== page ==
Everyday guidelines for creating a marketing budget


Being that we're fresh into 2017, our team has noticed a trend in the number of our clients looking to expand upon their marketing efforts - in small ways like allocating a stronger budget, or in larger ways like engaging into a corporate sponsor partnership with other organizations. Whether your organization is a multinational corporation, or startup with a staff of 5, we understand the importance of creating a targeted and flexible marketing plan.

As organizations grow and new entrants to the market appear, companies must continuously stay relevant in consumers' minds. To remain a player in the market in which a company operates, allocating capital to spend on a marketing campaign is a necessary and important aspect of strategic business planning. Not every business spends the same amount of funds to create and implement marketing initiatives, but the process is similar regardless of an organization's size, industry, audience or marketing message.

First off, your budget spent should be dictated by what you hope to achieve, and also by what you can realistically afford. Here are a few levels of spending that you can use as guidelines:

  1. Less than $1,000 per month - New, bootstrapped startups usually have little to spend on marketing, so creativity utilizing the time spent on marketing will be important. Early on, acquiring customers will be the top priority, and your startup may be looking at spending 20-25% of its time on marketing. It’s a good idea to test out different ideas to see what works before structuring your budget. Analyze the results, and then use that to budget for the following months.
  2. $1,000 - $5,000 per month - This range allows you to create a more comprehensive strategy. Once you have a logo and brand that you are proud of, a strong web presence is the next essential. This begins with your company website, which is usually the first impression that your customers have of your company. The design should be user-friendly and responsive, so that it looks great on computer screens, smartphones, and other web browsers.
  3. Over $5,000 per month - Once you are spending over $5,000, you can make the decision to hire an in-house marketer or a marketing agency. There are advantages and disadvantages to each option. If your team grows quickly, and you have 50 or so dedicated salespeople, you may want to look into hiring a full-time senior marketing professional. Many companies still hire an outside agency to support their sales and marketing efforts to get a deeper bench. The most significant benefit of hiring an agency is that you get a team of combined specialists from designers, developers, and marketing strategists all in one as opposed to hiring one marketing professional with a more general skill set.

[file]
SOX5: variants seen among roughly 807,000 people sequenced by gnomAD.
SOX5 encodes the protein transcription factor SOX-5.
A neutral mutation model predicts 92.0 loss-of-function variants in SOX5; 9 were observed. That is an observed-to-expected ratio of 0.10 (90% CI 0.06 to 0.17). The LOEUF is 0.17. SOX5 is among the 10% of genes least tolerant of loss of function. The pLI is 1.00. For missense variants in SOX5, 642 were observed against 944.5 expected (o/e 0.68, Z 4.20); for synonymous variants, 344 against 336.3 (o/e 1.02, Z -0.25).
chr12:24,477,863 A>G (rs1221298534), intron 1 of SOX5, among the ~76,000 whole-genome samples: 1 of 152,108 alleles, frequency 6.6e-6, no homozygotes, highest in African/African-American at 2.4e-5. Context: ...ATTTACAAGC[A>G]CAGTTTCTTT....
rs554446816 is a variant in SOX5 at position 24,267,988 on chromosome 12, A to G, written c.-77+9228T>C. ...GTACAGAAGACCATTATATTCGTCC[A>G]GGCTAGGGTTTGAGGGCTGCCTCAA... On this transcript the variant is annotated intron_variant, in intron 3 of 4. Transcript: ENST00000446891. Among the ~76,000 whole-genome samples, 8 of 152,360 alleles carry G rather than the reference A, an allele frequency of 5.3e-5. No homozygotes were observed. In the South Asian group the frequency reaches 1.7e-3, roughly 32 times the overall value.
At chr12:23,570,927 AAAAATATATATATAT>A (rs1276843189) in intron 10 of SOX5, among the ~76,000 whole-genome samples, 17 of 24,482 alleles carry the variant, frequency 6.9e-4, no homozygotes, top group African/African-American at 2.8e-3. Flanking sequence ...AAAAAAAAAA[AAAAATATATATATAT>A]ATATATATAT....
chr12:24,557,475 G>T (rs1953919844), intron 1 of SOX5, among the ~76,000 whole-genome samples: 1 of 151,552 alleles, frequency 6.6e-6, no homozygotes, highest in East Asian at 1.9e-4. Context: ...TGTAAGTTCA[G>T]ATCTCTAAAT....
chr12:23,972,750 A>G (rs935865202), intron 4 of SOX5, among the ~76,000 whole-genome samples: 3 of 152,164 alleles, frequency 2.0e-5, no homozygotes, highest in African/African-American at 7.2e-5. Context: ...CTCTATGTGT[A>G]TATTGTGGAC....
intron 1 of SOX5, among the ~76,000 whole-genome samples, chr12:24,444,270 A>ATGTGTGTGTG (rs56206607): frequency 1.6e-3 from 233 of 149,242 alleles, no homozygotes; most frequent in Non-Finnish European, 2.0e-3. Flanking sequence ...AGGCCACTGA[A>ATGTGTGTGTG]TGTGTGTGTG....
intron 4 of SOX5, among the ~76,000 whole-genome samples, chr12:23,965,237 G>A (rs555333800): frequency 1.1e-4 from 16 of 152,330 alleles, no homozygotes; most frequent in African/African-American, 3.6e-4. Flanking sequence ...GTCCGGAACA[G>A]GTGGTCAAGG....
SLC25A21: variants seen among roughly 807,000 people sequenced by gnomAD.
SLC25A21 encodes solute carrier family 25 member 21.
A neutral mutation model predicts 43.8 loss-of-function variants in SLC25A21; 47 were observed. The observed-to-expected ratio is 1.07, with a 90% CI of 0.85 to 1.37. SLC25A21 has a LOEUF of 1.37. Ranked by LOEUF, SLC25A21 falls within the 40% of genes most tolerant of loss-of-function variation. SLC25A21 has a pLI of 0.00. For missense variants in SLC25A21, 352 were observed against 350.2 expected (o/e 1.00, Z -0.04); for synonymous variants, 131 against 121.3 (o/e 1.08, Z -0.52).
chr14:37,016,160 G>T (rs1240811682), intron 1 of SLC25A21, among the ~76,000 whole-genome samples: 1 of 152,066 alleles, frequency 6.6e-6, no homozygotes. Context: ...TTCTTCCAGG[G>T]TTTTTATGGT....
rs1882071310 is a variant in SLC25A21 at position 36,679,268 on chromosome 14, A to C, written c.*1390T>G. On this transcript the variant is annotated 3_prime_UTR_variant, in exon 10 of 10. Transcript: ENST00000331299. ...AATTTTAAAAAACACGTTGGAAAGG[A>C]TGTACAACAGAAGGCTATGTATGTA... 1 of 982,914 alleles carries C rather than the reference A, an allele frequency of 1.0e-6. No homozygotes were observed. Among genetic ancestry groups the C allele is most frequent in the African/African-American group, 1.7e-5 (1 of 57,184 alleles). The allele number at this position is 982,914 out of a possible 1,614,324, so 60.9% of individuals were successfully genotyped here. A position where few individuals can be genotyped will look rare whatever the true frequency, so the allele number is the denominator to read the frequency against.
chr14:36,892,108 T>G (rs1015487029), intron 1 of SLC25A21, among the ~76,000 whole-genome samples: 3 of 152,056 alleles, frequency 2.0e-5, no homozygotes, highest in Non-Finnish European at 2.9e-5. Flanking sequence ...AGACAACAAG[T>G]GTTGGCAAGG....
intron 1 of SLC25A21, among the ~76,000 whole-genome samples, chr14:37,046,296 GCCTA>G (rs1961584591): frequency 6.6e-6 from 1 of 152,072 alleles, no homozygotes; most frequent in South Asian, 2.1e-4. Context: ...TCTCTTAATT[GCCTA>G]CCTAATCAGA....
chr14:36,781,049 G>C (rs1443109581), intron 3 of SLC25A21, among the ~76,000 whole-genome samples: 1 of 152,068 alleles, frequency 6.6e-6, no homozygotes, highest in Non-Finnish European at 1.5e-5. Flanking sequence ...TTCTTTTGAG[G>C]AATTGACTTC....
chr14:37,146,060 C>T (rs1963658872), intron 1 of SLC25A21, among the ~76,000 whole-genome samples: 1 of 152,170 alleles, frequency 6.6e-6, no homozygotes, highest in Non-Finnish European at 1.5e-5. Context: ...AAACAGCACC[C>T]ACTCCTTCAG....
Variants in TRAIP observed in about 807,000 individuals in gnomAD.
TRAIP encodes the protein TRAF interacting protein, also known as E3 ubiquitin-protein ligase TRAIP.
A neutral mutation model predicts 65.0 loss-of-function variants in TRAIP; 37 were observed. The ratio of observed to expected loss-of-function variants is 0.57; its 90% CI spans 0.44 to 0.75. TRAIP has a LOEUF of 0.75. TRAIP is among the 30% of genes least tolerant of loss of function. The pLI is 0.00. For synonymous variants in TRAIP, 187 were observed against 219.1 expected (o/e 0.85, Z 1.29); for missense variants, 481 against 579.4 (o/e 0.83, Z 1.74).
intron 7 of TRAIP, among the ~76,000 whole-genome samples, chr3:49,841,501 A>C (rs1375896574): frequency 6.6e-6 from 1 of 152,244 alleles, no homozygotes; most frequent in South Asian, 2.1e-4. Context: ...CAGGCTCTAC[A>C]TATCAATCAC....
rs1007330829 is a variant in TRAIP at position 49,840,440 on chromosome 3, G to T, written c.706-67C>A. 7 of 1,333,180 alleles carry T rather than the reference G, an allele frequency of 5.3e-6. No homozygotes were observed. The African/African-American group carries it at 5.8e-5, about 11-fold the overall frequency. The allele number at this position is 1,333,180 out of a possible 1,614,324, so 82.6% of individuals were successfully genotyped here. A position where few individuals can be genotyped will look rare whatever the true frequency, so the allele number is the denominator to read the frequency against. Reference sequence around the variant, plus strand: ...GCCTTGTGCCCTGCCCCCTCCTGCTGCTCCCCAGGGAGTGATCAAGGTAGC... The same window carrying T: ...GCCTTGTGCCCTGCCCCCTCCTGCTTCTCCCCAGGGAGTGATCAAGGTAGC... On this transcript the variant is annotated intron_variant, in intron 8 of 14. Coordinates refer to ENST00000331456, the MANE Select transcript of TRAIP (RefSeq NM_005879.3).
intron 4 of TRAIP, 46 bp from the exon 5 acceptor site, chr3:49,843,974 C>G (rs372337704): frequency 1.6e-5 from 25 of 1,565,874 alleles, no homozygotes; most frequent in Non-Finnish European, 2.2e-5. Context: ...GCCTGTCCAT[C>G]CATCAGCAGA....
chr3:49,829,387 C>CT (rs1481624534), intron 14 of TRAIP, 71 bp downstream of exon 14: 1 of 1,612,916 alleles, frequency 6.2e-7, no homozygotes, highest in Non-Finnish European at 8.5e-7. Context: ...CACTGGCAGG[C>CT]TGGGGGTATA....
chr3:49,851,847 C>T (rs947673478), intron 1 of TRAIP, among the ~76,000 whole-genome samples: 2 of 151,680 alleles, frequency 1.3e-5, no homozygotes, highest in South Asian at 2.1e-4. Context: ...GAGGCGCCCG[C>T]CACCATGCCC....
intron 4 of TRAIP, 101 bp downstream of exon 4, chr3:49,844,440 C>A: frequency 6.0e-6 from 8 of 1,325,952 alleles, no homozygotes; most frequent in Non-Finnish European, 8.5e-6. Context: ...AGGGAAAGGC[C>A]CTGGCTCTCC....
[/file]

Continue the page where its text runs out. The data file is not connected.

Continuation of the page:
Keep in mind that your marketing budget should not be a fixed and permanent number. Your marketing budget should be scalable. It should grow in tandem with your business. As you start to see a real financial return on your marketing efforts, you can slowly increase the budget.

Important factors to keep in mind:

  1. Know your goal. Before you can get anywhere, you have to know where you're going. Are you trying to generate more leads? Close more sales? Create more awareness of your brand? Once everyone is on the same page about what defines ultimate success you can get down to business.
  2. Be proactive, not reactive. Somewhere along the way, clients will come to you needing something at the spur of the moment—a certain number of leads by the end of the month, for example. While your first reaction may be to scramble, part of a strategic budget is keeping the long view in perspective.
  3. Measure everything. If you don't know which of your efforts are leading to success or failure, you can't plan effectively. Where are your clients hearing about you? How do they know about you?
  4. Strategize. Thinking ahead is key to structuring a budget that can serve you in the long term. Too many people are hasty in their planning, and while it saves time now, it could cost them later.
  5. Build on your successes. Don't give in to repetition or stagnation. Quantify what you did last year that worked and build on it. Don't simply rehash what you've done before without considering how your business has grown and changed.

There are countless platforms and channels and guerrilla marketing techniques that you can try! There is certainly no cookie cutter formula for how you should be spending marketing dollars. Just remember to have fun and get creative (while staying within budget, of course!).